Profile of the Chicago Renter Pt. 1: Who’s Moving to Chicago
As the U.S. undergoes major demographic shifts, how do these changes affect institutional multifamily investment in Chicago and other markets? In certain cities, Census Bureau data suggest a wide gap between those leaving and those moving in.
Previously, we have discussed how the population loss in the Chicago MSA is not occurring in areas of institutional investment. As new data from the U.S. Census Bureau shows, Chicago is seeing in-migrants that are younger, more educated and higher-earning — with more earners per household. Crucially, these new residents are more likely to be luxury renters than those leaving the Chicago area.
As an investment environment, Chicago is the strongest across these categories of metros with a similar median home price.
In the graph below, created by BuildZoom, Chicago has seen analogous increases in the education levels of in-migrants, despite having a Median Home Value that’s less than half of high-cost metros like San Francisco, New York and Los Angeles.
Intriguingly, markets have also seen a wide range in the difference between the ages of out-migrants and in-migrants. Many Southern and Sunbelt metros (particularly in Florida) have seen older in-migrants than those leaving. Chicago stands out as a metro where in-migrants are younger; and Chicago also stands at a midpoint in terms of median home value.
This leads to a natural question: How many of these new residents are choosing to rent vs. own?
In fact, Chicago also stands out among metros with similar median home values, because it’s attracting more renters than the number of departing homeowners. Numerous hypotheses could explain this: Chicago’s low home appreciation rates in the past two decades (1.1% between 2000–2016 according to JCHS), or hikes in property taxes targeting single family residences. Whatever the reason, this has drawn new Chicagoans to rent in the Windy City.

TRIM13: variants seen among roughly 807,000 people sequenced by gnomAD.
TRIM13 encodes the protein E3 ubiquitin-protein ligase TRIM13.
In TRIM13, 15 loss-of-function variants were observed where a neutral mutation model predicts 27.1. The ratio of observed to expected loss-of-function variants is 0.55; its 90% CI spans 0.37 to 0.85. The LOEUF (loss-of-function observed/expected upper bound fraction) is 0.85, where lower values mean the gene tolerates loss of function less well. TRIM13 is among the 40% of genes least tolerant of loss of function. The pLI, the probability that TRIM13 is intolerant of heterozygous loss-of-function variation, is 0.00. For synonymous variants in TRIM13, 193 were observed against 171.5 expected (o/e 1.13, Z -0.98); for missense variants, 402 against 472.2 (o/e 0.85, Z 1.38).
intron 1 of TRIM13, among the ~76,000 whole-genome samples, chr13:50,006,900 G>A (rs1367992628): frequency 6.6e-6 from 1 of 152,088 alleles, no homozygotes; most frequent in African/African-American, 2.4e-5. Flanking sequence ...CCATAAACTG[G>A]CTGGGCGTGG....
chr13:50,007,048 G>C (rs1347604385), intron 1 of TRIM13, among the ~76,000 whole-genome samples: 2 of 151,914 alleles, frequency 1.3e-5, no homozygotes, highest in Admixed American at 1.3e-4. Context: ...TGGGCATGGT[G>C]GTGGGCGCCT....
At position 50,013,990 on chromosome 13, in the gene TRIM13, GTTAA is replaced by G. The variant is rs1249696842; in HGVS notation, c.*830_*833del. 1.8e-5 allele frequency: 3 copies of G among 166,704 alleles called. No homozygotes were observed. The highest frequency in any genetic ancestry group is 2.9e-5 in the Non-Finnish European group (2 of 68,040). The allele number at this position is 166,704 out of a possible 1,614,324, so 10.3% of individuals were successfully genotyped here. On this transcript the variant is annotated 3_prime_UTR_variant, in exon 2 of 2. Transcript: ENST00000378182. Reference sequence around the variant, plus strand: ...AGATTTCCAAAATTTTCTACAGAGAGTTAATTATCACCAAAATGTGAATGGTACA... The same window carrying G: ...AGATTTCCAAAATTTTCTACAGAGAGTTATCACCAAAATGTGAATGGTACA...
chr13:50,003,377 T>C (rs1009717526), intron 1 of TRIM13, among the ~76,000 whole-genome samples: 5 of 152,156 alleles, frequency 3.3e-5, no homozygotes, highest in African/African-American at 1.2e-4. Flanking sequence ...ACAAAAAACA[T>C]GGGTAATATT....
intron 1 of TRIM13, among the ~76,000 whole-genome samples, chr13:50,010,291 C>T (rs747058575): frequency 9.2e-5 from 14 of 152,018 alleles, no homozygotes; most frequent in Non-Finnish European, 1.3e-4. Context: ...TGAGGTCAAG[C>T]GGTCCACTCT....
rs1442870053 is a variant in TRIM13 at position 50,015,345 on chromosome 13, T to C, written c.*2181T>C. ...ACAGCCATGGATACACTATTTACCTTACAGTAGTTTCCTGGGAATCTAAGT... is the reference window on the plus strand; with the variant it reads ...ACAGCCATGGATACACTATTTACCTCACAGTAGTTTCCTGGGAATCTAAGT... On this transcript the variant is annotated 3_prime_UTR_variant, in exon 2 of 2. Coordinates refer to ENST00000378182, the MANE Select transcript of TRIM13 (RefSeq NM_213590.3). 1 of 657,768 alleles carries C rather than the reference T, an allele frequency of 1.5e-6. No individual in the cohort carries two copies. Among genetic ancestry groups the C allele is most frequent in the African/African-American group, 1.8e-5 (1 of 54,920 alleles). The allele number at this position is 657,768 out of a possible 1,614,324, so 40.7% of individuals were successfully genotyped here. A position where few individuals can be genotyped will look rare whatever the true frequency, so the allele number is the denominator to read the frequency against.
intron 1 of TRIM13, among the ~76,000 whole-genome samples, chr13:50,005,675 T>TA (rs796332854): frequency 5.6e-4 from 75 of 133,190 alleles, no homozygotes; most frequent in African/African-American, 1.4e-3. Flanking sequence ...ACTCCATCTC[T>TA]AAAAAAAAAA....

The high-cost, coastal metros like San Francisco, L.A. and New York City lead the pack in terms of renting in-migrants. Given the prohibitive housing costs in these metros, it should be little surprise that most individuals choosing to move to these areas decide to rent. By contrast, many Southern/Sunbelt metros are seeing more new homeowners than renters — aided by relatively plentiful land and less restrictive zoning policies.
As investors seek to diversify beyond the developer feeding frenzy in coastal metros of the current cycle, Chicago stands as a unique opportunity. The new Chicagoan fits the perfect demographic parameters that many developers have honed in on — young, educated and predisposed to rent.
In the next installment of this series, we’ll investigate where these new renters have moved in the Chicago Area. We’ll also have a precise breakdown of this data by age, income and location of workplace.